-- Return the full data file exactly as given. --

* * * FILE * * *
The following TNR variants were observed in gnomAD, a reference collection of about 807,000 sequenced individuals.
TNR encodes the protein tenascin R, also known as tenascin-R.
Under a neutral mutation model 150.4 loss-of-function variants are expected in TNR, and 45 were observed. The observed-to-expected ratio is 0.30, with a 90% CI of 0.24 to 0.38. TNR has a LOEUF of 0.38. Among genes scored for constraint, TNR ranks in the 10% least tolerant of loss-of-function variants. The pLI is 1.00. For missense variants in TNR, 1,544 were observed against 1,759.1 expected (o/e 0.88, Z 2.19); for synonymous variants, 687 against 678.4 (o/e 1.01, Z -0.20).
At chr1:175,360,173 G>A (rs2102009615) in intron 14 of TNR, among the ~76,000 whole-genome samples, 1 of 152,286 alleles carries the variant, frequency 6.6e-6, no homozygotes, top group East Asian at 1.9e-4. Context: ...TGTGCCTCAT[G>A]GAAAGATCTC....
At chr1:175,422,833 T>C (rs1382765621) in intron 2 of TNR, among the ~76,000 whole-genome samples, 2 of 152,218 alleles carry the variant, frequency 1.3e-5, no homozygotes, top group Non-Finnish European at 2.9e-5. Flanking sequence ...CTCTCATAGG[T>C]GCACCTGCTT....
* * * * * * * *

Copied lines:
The following TNR variants were observed in gnomAD, a reference collection of about 807,000 sequenced individuals.
TNR encodes the protein tenascin R, also known as tenascin-R.
Under a neutral mutation model 150.4 loss-of-function variants are expected in TNR, and 45 were observed. The observed-to-expected ratio is 0.30, with a 90% CI of 0.24 to 0.38. TNR has a LOEUF of 0.38. Among genes scored for constraint, TNR ranks in the 10% least tolerant of loss-of-function variants. The pLI is 1.00. For missense variants in TNR, 1,544 were observed against 1,759.1 expected (o/e 0.88, Z 2.19); for synonymous variants, 687 against 678.4 (o/e 1.01, Z -0.20).
At chr1:175,360,173 G>A (rs2102009615) in intron 14 of TNR, among the ~76,000 whole-genome samples, 1 of 152,286 alleles carries the variant, frequency 6.6e-6, no homozygotes, top group East Asian at 1.9e-4. Context: ...TGTGCCTCAT[G>A]GAAAGATCTC....
At chr1:175,422,833 T>C (rs1382765621) in intron 2 of TNR, among the ~76,000 whole-genome samples, 2 of 152,218 alleles carry the variant, frequency 1.3e-5, no homozygotes, top group Non-Finnish European at 2.9e-5. Flanking sequence ...CTCTCATAGG[T>C]GCACCTGCTT....